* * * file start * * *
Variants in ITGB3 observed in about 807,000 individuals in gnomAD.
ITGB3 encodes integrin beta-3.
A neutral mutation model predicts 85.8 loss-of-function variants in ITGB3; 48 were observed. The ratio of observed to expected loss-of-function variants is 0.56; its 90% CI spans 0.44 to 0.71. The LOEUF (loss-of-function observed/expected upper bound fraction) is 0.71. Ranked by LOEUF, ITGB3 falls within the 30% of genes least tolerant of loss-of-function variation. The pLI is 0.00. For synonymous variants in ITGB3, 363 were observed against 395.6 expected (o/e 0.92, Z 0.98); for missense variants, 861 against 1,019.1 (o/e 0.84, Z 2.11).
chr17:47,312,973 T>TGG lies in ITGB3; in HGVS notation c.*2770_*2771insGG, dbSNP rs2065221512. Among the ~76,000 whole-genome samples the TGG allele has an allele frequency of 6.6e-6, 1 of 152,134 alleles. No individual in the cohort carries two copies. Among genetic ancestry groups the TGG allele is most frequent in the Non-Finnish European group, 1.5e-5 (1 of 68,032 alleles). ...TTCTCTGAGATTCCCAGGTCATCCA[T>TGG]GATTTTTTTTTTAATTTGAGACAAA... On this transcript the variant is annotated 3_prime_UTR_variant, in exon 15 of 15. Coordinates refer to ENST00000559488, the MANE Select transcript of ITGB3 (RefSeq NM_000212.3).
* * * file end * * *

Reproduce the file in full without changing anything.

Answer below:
Variants in ITGB3 observed in about 807,000 individuals in gnomAD.
ITGB3 encodes integrin beta-3.
A neutral mutation model predicts 85.8 loss-of-function variants in ITGB3; 48 were observed. The ratio of observed to expected loss-of-function variants is 0.56; its 90% CI spans 0.44 to 0.71. The LOEUF (loss-of-function observed/expected upper bound fraction) is 0.71. Ranked by LOEUF, ITGB3 falls within the 30% of genes least tolerant of loss-of-function variation. The pLI is 0.00. For synonymous variants in ITGB3, 363 were observed against 395.6 expected (o/e 0.92, Z 0.98); for missense variants, 861 against 1,019.1 (o/e 0.84, Z 2.11).
chr17:47,312,973 T>TGG lies in ITGB3; in HGVS notation c.*2770_*2771insGG, dbSNP rs2065221512. Among the ~76,000 whole-genome samples the TGG allele has an allele frequency of 6.6e-6, 1 of 152,134 alleles. No individual in the cohort carries two copies. Among genetic ancestry groups the TGG allele is most frequent in the Non-Finnish European group, 1.5e-5 (1 of 68,032 alleles). ...TTCTCTGAGATTCCCAGGTCATCCA[T>TGG]GATTTTTTTTTTAATTTGAGACAAA... On this transcript the variant is annotated 3_prime_UTR_variant, in exon 15 of 15. Coordinates refer to ENST00000559488, the MANE Select transcript of ITGB3 (RefSeq NM_000212.3).